“It’s not a myth. It’s not a legend. It’s a warning.”
Director/Writer: Sheldon Wilson / Writer: Rick Suvalle / Cast: Lacey Chabert, Robin Dunne, Nicole Munoz, Brittney Wilson, Carlo Marks, Reilly Dolman, Richard Harmon, Julia Maxwell, Jerry Wasserman.
Body Count: 13
The term ‘SyFy Original’ packs more terror than the cumulative scares of all the movies the channel has produced. Almost.
In an infuriating turn, Scarecrow began surprisingly well and, for a brief naive second, I thought “Hey, maybe they’ve finally struck gold!” The clanging of the pick was sadly just lame old aluminium, neigh gold here. #sadface.
In its favour, Scarecrow features a lot of actors from other lesser-known slasher flicks and wastes no time in cutting to the chase. A quick teen-couple slashening occurs at ye olde Miller farm and unleashes the spirit of the titular villain, just in time for the local town’s Scarecrow Festival.
Don’t get your hopes up. In town, another high school detention puts another pack of assorted stereotypes onto a school bus with their handsome young teacher. Out to the farm they go to help move the scarecrow back to town. This development sires the following ponderances:
- Does it take nine people to move one scarecrow?
- Aren’t detentions customarily served inside the school?
Scarecrow doesn’t care for such trivialities. It also doesn’t care to explain what the kids have done, though something about naughty photos of their (now dead) classmates appearing online is muttered – but it’s difficult to believe they all did this together as they don’t seem to get along.
At the farm, a clearly here-for-the-cheque Lacey Chabert turns up, the last of the Miller family who can no longer afford to keep the farm going. Just fifteen minutes into the film, kids are being attacked by an unseen force.
They barricade themselves inside and find that mythically-cursed scarecrow is very much alive and well, and wants them dead. Actually, it wants Lacey Chabert dead, but anyone else will do in the meantime.
As the action kicks off so quickly, Scarecrow soon becomes a bit tedious as numbers are depleted and the surviving members of the group move from house to car to woods to neighbouring farm back to woods and so on…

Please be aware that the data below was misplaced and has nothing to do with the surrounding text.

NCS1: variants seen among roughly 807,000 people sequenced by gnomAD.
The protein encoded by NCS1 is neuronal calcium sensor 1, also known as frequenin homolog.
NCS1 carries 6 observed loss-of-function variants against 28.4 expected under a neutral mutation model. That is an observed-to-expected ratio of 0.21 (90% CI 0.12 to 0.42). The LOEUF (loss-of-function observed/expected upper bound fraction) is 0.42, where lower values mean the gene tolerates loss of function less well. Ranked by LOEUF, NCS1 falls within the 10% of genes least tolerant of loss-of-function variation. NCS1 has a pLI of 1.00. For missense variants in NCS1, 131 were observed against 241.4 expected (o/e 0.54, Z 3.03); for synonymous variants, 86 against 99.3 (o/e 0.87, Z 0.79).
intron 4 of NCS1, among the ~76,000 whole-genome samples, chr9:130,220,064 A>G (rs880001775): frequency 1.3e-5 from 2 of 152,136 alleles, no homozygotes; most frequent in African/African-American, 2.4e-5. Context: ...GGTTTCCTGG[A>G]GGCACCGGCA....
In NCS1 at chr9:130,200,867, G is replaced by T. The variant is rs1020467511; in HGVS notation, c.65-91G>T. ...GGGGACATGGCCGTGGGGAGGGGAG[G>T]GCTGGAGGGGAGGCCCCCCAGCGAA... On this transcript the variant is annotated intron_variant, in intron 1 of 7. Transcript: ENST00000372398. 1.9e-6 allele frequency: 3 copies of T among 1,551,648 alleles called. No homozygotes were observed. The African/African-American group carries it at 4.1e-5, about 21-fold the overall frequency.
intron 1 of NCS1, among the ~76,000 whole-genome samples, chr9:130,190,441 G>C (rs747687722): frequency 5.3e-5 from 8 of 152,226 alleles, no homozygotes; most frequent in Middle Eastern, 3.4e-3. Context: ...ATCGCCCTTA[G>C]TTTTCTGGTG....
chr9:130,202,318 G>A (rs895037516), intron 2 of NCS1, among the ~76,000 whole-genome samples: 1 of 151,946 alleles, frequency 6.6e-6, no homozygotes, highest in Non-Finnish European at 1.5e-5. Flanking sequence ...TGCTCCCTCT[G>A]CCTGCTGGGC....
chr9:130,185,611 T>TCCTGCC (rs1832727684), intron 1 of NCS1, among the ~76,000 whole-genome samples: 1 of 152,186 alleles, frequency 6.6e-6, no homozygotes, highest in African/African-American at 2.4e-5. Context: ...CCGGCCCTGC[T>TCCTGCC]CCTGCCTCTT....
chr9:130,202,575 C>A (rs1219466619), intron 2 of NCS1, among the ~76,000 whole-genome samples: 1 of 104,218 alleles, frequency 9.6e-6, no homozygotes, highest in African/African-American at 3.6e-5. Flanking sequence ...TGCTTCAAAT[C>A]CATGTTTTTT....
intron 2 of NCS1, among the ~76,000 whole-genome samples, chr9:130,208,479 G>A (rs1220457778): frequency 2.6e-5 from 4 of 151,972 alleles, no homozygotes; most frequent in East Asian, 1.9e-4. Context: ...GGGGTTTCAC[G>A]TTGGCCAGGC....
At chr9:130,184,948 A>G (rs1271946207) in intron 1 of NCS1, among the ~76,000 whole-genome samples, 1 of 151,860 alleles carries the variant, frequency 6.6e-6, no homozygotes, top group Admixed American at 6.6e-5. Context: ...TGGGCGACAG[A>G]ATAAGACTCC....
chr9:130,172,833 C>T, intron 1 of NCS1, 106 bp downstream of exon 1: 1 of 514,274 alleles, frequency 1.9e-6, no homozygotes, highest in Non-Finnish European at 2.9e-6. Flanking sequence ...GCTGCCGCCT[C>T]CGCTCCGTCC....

Points are gained for the surprisingly good FX work of the scarecrow itself, a jet-black liquorice-looking viney chap, who can come out of the ground, even hide inside bodies… They’re lost, however, for strange choices of characters who outlast others and, more crucially, Lacey Chabert wiping her blood on a herd of cows and saying “rather you than me”! No, Lacey, no. Save the cows.
It’s one of those films where the villain only wants ONE person dead, but said person naturally resists, and so everyone else around them has to die!
Things began with a fair bit of focus on the requisite drop-outs who we expect to live for most of the film and then die horribly. But no, again here Scarecrow fucks with us: They go really early, totally off-camera, without any of the expected comeuppance these types of characters normally suffer.
Another character acts so shadily that I was waiting for them to be revealed to be some sort of conduit for the scarecrow. While this person eventually showed another side of themselves, it was something totally different and disappointing.
In summary, a good looking, well made film, but one that shoots its load too early and expects us to hang around enjoying the afterglow. And the cow-thing can’t be forgiven.
Lacey Chabert was in the Black Christmas remake; Robin Dunne was in American Psycho II: All-American Girl; Nicole Munoz was the little girl heroine in The Tooth Fairy; Brittney Wilson was in Scar 3D; Jerry Wasserman was in Christina’s House.